Gesher Galicia Spring Program NYC: Sunday, May 17: Jewish Oil Magnates, The Story of Jews, Gentiles & Emporers, and SIG Updates #austria-czech

Pamela Weisberger

Announcing the Gesher Galicia Spring Regional Meeting in New York City
- you are invited!

The program on May 17 will include research updates and talks on two
books: "Galician Portraits: the Story of Jews, Gentiles, and Emperors"
& "The Jewish Oil Magnates of Galicia: A History 1853-1945."

Sunday, May 17
11:00AM -- 1:00PM
Center for Jewish History (Auditorium)
15 West 16th St.
New York, NY 10011

Learn about the Galician Archival Records Project, the Cadastral Map
Room and the latest news on discoveries made in the Lviv Historical
Archives by president, Pamela Weisberger, followed by two authors
discussing their new books: Andrew Zalewski on "Galician Portraits:
The Story of Jews, Gentiles and Emperors," and Valerie Schatzker on
"The Jewish Oil Magnates of Galicia." We'll leave plenty of time f=or
your questions and you are invited to stay for the JGSNY program in
the afternoon. (see below for details or go to:

Lunch 1:00PM - 2:00PM: We will offer an informal, post-program brown
bag lunch & chat in the Chapel at the Center for Jewish History from
1:00PM - 2:00PM. No food is sold at the Center, so you must bring
your own.

The Gesher Galicia program and lunch are free an open to the public.
Directions to the CJH are here:

More on on our authors and their works:

"Galician Portraits" by Andrew Zalewski is much more than a record of
one family. The story is anchored in Austrian Galicia (1772-1918),
which once spanned parts of today's Poland and Ukraine, but it also
covers centuries of Jewish history in the region, before and after
Galicia existed. Large cities, small towns, and tiny farming villages
are the tale's backdrop. In them, people >from a variety of ethnic
groups live alongside a large community of Israelites. In these pages,
Galicia's Jewish community emerges as far more diverse than one could
ever imagine. The laws and trends of the day were hotly debated within
it. A perpetual tension between old and new sometimes brought dramatic
consequences, even breakaway factions. Passionate arguments about
language, customs, and loyalties easily erupted. But even in difficult
times, there were brave voices that spoke loudly against prejudice.
Tracing Jewish heritage anywhere in Europe is complicated; and
certainly, the long shadow of WWII broke any continuity between past
and present in the place that was once called Galicia, but the author
has discovered many voices that had long been forgotten, as well as
surprising details about his own family. His talk will be illustrated
by the archival pictures of Galicia, genealogical findings, and old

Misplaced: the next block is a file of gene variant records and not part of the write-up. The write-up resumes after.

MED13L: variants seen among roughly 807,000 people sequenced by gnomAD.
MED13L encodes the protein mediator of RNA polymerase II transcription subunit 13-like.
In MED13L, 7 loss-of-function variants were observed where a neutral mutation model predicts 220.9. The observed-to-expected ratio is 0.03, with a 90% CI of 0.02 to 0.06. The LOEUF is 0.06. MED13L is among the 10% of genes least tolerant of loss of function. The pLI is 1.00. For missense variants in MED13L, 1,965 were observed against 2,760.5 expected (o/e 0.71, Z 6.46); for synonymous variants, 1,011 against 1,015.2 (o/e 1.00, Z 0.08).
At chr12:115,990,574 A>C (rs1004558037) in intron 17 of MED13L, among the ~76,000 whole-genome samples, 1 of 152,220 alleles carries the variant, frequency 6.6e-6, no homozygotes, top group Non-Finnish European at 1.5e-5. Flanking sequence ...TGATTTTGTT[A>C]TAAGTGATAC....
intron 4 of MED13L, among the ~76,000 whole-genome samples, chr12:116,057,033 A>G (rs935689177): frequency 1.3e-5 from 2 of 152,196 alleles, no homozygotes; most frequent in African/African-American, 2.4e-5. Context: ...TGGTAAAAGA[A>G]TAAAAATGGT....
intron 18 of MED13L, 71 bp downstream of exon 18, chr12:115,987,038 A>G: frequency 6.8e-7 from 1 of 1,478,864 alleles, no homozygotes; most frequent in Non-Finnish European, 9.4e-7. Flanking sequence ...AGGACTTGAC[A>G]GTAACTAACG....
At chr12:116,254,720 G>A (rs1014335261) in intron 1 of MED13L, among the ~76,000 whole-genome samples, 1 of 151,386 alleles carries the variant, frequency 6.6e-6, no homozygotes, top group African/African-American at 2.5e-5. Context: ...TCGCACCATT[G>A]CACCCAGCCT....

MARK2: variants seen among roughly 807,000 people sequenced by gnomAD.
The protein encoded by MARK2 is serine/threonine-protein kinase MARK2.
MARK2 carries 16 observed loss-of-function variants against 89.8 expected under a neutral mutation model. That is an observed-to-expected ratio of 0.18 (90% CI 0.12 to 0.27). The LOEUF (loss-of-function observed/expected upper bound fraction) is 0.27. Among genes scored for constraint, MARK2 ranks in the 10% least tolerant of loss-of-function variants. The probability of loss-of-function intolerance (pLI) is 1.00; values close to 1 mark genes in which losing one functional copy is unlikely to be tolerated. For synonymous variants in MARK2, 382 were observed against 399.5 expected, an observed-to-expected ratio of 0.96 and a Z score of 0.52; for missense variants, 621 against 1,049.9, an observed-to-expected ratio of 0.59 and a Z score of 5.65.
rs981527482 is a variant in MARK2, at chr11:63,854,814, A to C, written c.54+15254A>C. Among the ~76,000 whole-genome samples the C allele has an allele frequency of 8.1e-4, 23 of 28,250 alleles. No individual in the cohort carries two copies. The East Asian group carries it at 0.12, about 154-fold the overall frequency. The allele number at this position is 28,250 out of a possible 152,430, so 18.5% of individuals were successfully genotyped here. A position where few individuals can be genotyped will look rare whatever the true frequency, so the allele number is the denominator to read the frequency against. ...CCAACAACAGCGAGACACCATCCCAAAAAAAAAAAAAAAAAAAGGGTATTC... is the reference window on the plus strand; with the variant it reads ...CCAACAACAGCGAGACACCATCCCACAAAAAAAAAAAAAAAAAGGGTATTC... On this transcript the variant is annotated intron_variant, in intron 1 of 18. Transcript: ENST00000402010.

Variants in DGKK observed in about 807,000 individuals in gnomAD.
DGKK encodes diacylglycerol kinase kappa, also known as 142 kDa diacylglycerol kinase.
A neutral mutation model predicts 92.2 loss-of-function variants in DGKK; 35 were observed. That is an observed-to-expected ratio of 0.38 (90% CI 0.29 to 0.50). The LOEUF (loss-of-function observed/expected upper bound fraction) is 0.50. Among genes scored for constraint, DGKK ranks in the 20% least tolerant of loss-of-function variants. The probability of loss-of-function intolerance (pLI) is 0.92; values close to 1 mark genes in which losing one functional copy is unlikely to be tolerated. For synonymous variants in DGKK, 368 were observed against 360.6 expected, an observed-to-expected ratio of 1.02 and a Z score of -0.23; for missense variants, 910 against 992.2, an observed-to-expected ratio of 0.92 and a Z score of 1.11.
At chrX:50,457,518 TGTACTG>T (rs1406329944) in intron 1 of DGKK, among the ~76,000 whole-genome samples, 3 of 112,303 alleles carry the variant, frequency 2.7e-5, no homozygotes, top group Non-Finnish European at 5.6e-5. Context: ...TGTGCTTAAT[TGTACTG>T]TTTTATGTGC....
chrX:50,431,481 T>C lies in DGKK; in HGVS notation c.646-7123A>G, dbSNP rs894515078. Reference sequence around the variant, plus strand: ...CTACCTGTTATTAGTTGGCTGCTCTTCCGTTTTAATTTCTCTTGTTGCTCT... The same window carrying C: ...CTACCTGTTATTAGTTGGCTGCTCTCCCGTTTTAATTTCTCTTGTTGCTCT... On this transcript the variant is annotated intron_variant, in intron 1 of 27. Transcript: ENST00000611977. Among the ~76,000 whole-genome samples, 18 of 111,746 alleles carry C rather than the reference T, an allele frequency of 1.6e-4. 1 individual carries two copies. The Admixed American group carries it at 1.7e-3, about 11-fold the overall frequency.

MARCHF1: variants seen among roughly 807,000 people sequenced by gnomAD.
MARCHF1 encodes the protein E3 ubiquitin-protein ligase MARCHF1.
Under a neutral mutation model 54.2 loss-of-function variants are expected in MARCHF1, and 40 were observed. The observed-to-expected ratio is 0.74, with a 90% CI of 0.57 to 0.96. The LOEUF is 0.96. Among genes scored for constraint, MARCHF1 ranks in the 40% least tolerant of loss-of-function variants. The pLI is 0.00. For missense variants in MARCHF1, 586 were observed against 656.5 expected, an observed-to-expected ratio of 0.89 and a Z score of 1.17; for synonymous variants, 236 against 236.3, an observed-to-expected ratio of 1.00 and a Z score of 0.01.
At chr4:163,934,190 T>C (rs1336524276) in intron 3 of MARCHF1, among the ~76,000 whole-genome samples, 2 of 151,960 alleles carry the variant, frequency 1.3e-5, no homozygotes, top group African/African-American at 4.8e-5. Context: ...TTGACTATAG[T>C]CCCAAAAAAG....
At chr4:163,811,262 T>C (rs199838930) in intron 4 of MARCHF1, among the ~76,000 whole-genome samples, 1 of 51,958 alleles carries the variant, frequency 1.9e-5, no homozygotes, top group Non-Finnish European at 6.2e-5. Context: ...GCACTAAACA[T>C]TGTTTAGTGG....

maps of Galicia,

Speaker: Andrew Zalewski is a cardiologist who, despite a busy
professional life, published two books on Galicia, a rewarding
experience in which he learned about distant times and discovered
amazing details about his family and the people of Galicia. He is a
frequent speaker at genealogy conferences where he shares his
experiences and is a member of the board of directors of Gesher

"Jewish Oil Magnates of Galicia" by Valerie Schatzker traces the story
of the beginnings of the oil industry in Galicia. The most intensive
area of production in Austria was centered around Drohobycz/Boryslaw,
although there were petroleum centers around Sloboda Rungurska along
the eastern border of the province and also in western Galicia, in the
area of Krosno and Gorlice. Jews were among the first to exploit oil,
digging for it by hand, in the earliest phase, and refining it. In the
Drohobycz area, they also exploited another hydrocarbon, earth wax or
ozokerite. Many made heir fortunes >from wax until the last fifteen
years of the nineteenth century, when a new drilling system,
introduced by a Canadian, facilitated deep drilling and triggered the
most productive phase of the oil boom. The peak of oil production in
Galicia was in 1909, when 15 million barrels were produced and Galicia
was briefly the third largest petroleum producer in the world, after
the United States and Russia. The First World War interrupted the
industry, but after 1919, it became apparent during the Second Polish
Republic that the resource was in decline. Under German occupation,
the last barrels of oil were squeezed out by forced laborers, a great
many of them Jews. The translation of a Yiddish novel dealing with
this facet of Jewish life in the region adds an entirely new dimension
to the subject matter. Valerie also learned of a novel "Yidishe
naft-magnatn," about the Jewish oil magnates that had been published
in 1954 by Julien Hirszhaut, a writer who had been born in Drohobycz,
survived the war, and emigrated to New York. She had it translated
and the text will be included in her book.

Speaker: Valerie Schatzker completed graduate studies at the
University of Toronto, and had a career in classical music as a
soprano, a writer, and as a producer of concerts. She also worked in
the field of history, as a writer, and as an oral historian. Over the
last decade, she became interested in researching her husband='s
genealogy. He was born in Galicia and survived the war with his
mother. In her research, she discovered that some of his ancestors
were involved in an oil industry. which set her off on this ambitious
research project which lead her to archives in Poland, Austria and

More program info:
or at:

If you cannot attend this program, Gesher Galicia will be videotaping
it for viewing on our website this summer.

Pamela Weisberger
President, Gesher Galicia

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